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Emotion Discourse, Social Cognition, and Social Skills in Children With and Without Developmental Delays


  • Rachel M. Fenning is now at the Waisman Center, University of Wisconsin–Madison.

  • This article is based on the dissertation of the first author. Data were drawn from the larger Collaborative Family Study, funded by Eunice Kennedy Shriver National Institute of Child Health and Human Development Grant 34879-1459 (K. A. Crnic, B. L. Baker, J. Blacher, & C. Edelbrock, co-investigators). We gratefully acknowledge the families and teachers who made this work possible, and the contributions of our invaluable colleagues, staff, and students.

concerning this article should be addressed to Rachel M. Fenning, Waisman Center, University of Wisconsin–Madison, 1500 Highland Avenue, Room 157, Madison, WI 53705. Electronic mail may be sent to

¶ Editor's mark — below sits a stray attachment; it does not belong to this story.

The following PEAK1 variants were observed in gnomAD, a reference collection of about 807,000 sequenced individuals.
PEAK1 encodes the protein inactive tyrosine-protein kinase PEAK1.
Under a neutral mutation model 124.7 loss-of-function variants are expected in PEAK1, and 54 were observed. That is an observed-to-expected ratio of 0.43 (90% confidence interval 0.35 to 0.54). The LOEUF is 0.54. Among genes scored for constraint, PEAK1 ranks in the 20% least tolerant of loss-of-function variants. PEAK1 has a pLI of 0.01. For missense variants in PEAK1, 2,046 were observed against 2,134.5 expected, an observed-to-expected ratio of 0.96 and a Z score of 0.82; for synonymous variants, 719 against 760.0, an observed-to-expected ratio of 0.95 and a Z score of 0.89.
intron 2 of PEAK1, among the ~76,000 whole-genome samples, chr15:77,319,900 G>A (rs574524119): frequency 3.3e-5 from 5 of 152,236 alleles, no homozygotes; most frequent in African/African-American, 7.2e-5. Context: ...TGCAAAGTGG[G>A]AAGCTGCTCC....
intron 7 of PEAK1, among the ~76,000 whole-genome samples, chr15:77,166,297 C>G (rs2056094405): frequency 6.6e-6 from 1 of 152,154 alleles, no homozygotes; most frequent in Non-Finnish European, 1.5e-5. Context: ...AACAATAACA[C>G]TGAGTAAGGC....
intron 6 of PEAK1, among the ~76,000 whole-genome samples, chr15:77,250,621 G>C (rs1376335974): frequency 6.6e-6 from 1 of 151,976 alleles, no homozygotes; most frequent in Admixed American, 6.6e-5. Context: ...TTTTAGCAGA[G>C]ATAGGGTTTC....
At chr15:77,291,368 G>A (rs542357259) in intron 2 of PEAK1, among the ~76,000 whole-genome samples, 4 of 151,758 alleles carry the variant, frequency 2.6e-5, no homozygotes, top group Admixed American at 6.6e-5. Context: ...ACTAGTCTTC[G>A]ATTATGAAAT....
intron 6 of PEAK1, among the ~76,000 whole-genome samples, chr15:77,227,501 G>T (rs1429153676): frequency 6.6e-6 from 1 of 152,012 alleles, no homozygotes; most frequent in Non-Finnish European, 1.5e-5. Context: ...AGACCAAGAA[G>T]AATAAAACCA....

This study examined parent–child emotion discourse, children’s independent social information processing, and social skills outcomes in 146 families of 8-year-olds with and without developmental delays. Children’s emergent social-cognitive understanding (internal state understanding, perspective taking, and causal reasoning and problem solving) was coded in the context of parent–child conversations about emotion, and children were interviewed separately to assess social problem solving. Mothers, fathers, and teachers reported on children’s social skills. The proposed strengths-based model partially accounted for social skills differences between typically developing children and children with delays. A multigroup analysis of the model linking emotion discourse to social skills through children’s prosocial problem solving suggested that processes operated similarly for the two groups. Implications for ecologically focused prevention and intervention are discussed.